Still now, as then, if you give good service you can build a business. I spent the last two weeks in August sitting on a stool at the front counter, greeting the guys with a barrel in one hand and a grocery bag in the other - desperate souls, willing to pay to have someone put their shotgun back together before their wife found out. The last Saturday in August (dove season opens Sept. 1) was a madhouse - I was charging $20 a gun, doing 4-5 per hour, and had a line waiting all day. I did 52 guns that day, and split the proceeds 50/50 with the shop (I was casual labor) so I left with $520 in my pocket. Not a bad day for a college student in 1981. Too bad those days were few and far between.

    The downside can be steep, though. You screw something up, and you have to make it right. You tell a customer it will cost $79+ parts, then hit a snag and spend four hours on an hour job, and it stings a bit. You slip and damage the finish on a $20K shotgun....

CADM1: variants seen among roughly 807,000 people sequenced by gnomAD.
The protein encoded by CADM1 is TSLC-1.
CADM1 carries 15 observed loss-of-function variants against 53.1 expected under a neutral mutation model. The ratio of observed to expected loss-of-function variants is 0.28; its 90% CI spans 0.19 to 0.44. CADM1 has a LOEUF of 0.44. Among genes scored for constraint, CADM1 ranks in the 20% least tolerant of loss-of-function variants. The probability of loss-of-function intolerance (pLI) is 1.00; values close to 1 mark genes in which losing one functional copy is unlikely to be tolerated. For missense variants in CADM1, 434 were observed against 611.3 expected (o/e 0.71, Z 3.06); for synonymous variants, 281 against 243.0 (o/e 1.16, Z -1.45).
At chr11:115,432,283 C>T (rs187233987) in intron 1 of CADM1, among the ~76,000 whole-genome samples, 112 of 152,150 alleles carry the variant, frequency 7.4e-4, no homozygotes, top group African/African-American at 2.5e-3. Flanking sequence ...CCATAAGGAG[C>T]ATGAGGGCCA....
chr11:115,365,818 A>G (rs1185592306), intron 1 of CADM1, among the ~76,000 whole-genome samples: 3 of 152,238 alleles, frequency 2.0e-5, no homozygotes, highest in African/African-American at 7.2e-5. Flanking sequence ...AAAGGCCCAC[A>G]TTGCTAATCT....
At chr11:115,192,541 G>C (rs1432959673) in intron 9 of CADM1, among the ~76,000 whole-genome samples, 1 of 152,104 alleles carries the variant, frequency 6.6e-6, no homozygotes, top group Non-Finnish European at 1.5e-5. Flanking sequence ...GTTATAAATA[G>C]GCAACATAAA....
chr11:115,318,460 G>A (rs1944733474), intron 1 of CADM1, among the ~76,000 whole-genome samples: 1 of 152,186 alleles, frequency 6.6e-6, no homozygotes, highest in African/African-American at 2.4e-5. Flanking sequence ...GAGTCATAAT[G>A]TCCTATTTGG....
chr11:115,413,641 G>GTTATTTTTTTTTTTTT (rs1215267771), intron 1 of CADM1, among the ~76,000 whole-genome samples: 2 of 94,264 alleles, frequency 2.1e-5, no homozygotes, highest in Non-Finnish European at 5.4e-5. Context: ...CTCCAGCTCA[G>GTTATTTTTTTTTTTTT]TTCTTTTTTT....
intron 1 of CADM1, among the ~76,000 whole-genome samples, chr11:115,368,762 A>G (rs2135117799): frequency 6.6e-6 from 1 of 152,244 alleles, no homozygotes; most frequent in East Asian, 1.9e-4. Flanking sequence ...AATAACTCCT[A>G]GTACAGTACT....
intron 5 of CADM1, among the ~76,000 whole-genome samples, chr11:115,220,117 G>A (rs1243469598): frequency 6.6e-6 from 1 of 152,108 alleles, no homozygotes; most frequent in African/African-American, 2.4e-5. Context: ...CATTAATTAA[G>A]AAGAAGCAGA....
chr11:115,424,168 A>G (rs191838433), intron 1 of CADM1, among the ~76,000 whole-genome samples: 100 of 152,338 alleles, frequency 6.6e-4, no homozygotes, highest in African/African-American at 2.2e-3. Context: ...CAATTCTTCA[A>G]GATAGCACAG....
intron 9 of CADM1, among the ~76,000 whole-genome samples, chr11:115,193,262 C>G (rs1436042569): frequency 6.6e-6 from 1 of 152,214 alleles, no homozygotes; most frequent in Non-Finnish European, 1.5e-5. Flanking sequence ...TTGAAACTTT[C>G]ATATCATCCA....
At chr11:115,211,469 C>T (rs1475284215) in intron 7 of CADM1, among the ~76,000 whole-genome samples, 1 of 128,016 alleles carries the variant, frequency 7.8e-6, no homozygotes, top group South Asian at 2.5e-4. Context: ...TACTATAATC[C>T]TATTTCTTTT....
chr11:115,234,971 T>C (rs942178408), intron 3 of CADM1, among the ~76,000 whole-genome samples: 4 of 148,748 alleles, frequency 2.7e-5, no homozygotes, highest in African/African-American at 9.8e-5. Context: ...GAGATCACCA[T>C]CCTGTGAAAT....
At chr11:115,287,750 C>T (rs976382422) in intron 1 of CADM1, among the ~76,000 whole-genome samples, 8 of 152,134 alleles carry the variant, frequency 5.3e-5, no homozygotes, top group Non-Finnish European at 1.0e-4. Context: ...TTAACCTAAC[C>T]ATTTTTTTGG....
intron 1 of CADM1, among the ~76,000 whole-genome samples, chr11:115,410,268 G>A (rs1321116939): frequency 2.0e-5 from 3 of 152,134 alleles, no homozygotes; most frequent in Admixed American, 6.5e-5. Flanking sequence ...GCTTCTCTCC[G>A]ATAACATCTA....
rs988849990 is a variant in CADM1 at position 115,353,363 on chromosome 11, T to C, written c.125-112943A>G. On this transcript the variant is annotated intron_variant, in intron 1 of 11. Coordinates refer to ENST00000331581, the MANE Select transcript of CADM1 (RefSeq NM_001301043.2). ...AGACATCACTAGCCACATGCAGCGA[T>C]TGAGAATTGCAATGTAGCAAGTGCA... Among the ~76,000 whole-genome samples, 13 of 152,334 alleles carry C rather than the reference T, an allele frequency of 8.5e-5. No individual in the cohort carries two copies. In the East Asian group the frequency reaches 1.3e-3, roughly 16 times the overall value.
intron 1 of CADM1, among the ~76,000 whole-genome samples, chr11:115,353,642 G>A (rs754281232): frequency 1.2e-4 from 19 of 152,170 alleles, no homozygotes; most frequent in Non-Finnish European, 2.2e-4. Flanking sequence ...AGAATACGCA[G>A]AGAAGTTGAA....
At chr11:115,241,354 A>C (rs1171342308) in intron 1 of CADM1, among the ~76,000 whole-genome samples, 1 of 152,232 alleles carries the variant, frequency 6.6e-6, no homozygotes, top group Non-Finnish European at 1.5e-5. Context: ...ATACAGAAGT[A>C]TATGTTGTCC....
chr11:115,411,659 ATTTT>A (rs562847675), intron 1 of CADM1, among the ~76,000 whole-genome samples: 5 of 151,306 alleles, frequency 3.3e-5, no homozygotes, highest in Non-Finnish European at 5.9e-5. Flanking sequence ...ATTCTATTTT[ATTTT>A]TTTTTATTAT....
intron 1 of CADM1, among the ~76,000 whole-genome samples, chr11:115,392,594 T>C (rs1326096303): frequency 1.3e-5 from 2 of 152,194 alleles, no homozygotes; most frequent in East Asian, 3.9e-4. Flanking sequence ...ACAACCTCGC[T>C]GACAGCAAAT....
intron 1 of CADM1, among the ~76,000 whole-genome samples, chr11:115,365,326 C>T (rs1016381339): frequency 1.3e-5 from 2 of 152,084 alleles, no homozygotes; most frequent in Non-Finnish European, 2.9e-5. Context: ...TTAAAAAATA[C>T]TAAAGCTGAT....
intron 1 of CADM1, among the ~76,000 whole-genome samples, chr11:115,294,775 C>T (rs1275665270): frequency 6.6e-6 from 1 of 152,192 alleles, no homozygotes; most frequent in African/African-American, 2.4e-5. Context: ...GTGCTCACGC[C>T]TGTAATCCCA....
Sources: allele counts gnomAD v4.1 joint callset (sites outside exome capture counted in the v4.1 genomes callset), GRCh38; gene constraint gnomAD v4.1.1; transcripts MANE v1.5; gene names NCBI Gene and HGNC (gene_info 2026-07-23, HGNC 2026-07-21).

If having mechanical aptitude, a sharp mind, a steady hand, and $1,000 in tools were all it took to make a living as a gunsmith, there would be a lot more gunsmiths.
     
  15. 4v50 Gary

    4v50 Gary Moderator Staff Member

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    At the first year of gunsmithing school, each of us spent over $2k on tools alone. We're talking about dial indicators, magnetic bases for the same, calipers, micrometers, files (and handles for same), drill bits, sharpening stones, hammers, screw drivers, punches, welding equipment (gloves, face shield, welding jacket), mill bits, screw pitch gauge, etc. We even made some tools in class too (polishing stick, chisel, scraper, inletting chisel), machinist square, level indicator, etc. Darn if we didn't use all those things too.
     
  16. jimmyraythomason

    jimmyraythomason Member

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    This would get my vote. Knowing what to do,how to do it and when to do it as well as what,when and how NOT to do will serve you better than any other "tool" in your repertiore.
     
  17. jeepmor

    jeepmor Member

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    Go buy a good metal lathe with a 4 jaw chuck to start. It'll take you far if you can drive it right.